The question of what needs to change and why has been of increasing interest to social scientists in recent years. With climate change widely regarded as the most pressing social issue of our time, yet positive substantive change seemingly permanently deferred, and with government change in the US marked not only by a new party and president but by the apparent abandonment of all conventions of government, change is now perhaps our most dominant political concern or preoccupation.

Drugs are, of course, intensively linked to change, whether to understandings of their capacity to change consciousness, or to their capacity to change lifestyle and health (usually understood as ‘harm’). Injunctions to change are also a common theme in drug research and policy. These injunctions are most often directed towards people who consume drugs, in that they are regularly expected to embrace harm reduction, submit themselves to treatment, reduce their consumption, re-make themselves in recovery, assimilate findings from neuroscience or adapt to punitive social welfare measures. While, in recent years, moves have been made to change the social and legal conditions under which drugs are consumed (e.g. via decriminalisation in Portugal and Canada), consumers remain a major focus of injunctions to change.

Recent social science approaches to drugs and their effects have begun to problematise discourses of change, decentring the individual subject and offering a range of alternative conceptualisations of agency, subjectivity, bodies, risk, affects, technologies, infrastructures and knowledges. How might these nascent alternatives help us re-imagine or re-focus the notion of ‘change’ in relation to drugs? How might they encourage change in research questions, theoretical tools, methods, metrics, stakeholder engagement and modes of interpretation? What changes might be necessary in the assumptions informing policy and other forms of social and political action? How might diagnostic instruments, treatment systems, legal processes, health promotion and popular culture be changed to benefit people who consume drugs?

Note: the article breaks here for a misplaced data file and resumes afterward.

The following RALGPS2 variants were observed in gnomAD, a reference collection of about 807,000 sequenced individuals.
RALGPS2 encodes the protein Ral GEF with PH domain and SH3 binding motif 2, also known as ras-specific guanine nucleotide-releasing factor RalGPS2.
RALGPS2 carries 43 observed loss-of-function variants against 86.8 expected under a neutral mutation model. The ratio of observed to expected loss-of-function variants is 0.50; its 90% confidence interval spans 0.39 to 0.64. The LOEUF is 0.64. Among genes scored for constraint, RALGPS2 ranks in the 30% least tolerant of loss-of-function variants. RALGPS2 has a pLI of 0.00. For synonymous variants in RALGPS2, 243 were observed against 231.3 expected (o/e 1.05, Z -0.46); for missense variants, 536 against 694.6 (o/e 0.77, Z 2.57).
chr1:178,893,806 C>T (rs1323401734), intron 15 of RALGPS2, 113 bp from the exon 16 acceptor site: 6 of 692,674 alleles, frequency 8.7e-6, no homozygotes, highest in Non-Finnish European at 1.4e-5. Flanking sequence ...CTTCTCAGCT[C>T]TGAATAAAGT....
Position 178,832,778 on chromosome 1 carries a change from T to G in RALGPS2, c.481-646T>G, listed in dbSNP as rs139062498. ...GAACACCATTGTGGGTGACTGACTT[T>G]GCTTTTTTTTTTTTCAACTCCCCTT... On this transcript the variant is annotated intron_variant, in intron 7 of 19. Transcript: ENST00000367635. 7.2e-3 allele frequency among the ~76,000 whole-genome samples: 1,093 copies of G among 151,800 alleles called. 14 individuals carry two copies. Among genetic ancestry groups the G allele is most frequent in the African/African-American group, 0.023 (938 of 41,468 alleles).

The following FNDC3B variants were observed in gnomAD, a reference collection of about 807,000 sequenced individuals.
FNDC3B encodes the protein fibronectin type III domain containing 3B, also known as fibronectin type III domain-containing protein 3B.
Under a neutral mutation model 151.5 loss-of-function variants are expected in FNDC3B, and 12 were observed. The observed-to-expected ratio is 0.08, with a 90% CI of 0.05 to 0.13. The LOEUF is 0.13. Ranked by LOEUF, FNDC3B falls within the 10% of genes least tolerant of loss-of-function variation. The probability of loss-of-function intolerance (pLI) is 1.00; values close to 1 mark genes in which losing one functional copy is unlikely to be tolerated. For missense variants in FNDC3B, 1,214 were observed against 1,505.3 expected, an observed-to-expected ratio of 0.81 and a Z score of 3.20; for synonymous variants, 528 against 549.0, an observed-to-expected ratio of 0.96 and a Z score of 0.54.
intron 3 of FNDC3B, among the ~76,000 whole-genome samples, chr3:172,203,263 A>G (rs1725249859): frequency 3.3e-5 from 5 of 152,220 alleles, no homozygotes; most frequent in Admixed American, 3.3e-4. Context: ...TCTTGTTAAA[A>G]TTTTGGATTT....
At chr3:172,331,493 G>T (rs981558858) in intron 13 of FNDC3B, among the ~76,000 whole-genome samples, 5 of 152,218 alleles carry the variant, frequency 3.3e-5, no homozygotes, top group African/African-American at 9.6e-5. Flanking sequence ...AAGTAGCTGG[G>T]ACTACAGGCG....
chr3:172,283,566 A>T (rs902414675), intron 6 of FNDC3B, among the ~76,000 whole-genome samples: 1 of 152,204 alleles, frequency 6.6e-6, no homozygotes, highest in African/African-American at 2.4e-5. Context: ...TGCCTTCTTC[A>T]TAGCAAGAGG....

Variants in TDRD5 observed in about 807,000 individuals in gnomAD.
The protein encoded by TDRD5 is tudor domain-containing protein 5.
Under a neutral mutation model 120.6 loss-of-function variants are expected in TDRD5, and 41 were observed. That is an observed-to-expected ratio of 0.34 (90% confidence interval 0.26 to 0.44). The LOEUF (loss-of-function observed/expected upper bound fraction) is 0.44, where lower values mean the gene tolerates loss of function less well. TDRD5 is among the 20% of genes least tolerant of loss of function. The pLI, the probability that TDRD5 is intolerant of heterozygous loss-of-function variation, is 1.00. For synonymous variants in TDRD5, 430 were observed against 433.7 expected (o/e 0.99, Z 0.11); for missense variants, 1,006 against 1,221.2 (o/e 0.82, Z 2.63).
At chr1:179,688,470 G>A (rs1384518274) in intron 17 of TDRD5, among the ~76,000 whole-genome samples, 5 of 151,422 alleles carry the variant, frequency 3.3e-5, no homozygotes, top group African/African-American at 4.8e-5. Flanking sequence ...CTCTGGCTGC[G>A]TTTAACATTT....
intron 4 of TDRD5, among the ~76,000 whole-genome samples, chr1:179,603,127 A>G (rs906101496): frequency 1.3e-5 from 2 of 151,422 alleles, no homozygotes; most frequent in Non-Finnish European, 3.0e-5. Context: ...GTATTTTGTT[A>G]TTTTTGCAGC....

Building on CDP’s previous conferences, which have opened up questions of how drugs are problematised; how the complexity of drug use can be attended to; how drug use might be understood as event, assemblage or phenomenon; and how drugs and their effects are constituted in various forms of practice, the 2019 conference seeks submissions for presentations that re-imagine the notion and focus of ‘change’.

We welcome research from those working in anthropology, cultural studies, epidemiology, history, public policy, gender studies, sociology and related disciplines, and encourage the innovative use of methods, concepts and theoretical tools. Possible topics include (but are not limited to) considerations of change in relation to:

  • Alcohol and other drug policy
  • Risk
  • Prohibition and international drug conventions
  • Mandated treatment
  • Drug courts
  • Education/health promotion in schools and universities
  • Harm reduction services and measures
  • Neuroscientific approaches to drug effects and addiction
  • Monitoring/surveillance systems
  • Research on drug trends
  • Quantitative measures of alcohol and other drug use and harms
  • Qualitative concepts of subjectivity, agency, affect and identity
  • Consumer accounts and narratives of drug use, addiction and recovery
  • Medical and other forms of diagnosis/assessment
  • Treatment models and practices
  • Youth and other drug services
  • Social media websites and apps
  • Popular culture enactments of drug use

Other relevant topics are also welcome.